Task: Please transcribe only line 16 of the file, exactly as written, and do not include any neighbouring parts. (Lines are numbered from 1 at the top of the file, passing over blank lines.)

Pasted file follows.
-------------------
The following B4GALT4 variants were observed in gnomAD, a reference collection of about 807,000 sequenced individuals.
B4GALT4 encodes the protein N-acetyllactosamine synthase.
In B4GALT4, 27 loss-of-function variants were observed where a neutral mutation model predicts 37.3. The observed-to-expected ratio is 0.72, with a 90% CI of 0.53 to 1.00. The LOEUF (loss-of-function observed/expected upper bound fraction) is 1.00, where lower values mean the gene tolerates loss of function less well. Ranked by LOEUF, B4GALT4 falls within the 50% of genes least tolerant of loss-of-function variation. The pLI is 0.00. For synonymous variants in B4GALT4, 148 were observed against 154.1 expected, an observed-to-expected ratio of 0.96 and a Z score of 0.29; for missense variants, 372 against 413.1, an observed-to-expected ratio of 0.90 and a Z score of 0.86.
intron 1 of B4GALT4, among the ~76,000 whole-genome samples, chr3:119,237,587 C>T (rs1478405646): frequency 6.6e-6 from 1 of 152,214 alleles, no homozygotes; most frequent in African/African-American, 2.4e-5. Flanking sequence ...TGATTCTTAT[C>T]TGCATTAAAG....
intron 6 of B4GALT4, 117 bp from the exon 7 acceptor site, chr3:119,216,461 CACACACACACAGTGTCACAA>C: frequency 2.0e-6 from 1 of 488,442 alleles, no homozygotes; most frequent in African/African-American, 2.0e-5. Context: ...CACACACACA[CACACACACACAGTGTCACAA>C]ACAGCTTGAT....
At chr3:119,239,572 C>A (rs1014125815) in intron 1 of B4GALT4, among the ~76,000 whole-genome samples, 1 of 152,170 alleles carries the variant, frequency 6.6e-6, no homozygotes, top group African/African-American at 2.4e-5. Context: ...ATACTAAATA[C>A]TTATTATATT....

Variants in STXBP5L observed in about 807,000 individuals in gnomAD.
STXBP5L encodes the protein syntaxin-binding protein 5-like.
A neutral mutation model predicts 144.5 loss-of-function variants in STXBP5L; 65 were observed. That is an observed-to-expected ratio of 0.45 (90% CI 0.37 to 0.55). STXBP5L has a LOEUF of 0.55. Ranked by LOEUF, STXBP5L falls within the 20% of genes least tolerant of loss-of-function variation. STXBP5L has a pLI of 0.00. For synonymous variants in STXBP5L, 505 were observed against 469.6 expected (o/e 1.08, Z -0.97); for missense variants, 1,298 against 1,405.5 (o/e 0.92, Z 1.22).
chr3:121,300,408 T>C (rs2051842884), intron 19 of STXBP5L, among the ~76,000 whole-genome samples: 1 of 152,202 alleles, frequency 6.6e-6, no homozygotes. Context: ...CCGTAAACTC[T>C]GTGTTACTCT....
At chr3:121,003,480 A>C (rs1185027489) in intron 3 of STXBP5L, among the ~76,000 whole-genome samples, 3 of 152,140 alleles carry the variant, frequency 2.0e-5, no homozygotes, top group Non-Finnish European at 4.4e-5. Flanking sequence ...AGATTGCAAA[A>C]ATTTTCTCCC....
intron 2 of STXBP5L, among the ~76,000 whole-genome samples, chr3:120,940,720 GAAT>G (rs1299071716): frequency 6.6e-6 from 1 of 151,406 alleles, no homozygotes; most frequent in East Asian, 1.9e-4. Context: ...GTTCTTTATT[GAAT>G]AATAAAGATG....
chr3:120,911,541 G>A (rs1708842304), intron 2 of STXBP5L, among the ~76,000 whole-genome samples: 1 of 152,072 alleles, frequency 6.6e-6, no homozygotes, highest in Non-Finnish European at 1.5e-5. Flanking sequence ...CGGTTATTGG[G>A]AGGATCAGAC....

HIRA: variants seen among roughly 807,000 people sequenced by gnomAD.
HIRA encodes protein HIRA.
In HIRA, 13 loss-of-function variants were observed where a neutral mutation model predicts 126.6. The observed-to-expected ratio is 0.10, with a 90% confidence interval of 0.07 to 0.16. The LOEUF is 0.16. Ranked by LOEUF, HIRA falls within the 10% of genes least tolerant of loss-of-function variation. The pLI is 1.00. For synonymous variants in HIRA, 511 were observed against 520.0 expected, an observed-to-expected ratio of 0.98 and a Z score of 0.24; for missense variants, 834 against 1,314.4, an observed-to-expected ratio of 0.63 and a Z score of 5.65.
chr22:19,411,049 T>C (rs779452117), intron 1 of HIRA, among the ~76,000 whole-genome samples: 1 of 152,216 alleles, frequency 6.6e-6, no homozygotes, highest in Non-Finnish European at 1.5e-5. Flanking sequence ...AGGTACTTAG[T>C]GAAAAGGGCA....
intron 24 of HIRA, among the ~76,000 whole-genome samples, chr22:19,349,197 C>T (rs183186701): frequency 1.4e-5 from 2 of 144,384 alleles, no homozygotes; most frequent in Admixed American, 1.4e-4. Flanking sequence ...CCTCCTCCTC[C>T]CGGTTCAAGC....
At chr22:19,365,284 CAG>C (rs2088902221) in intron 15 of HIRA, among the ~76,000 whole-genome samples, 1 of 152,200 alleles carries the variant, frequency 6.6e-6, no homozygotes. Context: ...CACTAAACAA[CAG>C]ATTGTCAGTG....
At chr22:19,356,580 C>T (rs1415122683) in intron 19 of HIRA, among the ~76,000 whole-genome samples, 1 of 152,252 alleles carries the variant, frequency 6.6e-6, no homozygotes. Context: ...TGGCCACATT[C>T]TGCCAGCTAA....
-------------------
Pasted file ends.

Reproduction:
In HIRA, 13 loss-of-function variants were observed where a neutral mutation model predicts 126.6. The observed-to-expected ratio is 0.10, with a 90% confidence interval of 0.07 to 0.16. The LOEUF is 0.16. Ranked by LOEUF, HIRA falls within the 10% of genes least tolerant of loss-of-function variation. The pLI is 1.00. For synonymous variants in HIRA, 511 were observed against 520.0 expected, an observed-to-expected ratio of 0.98 and a Z score of 0.24; for missense variants, 834 against 1,314.4, an observed-to-expected ratio of 0.63 and a Z score of 5.65.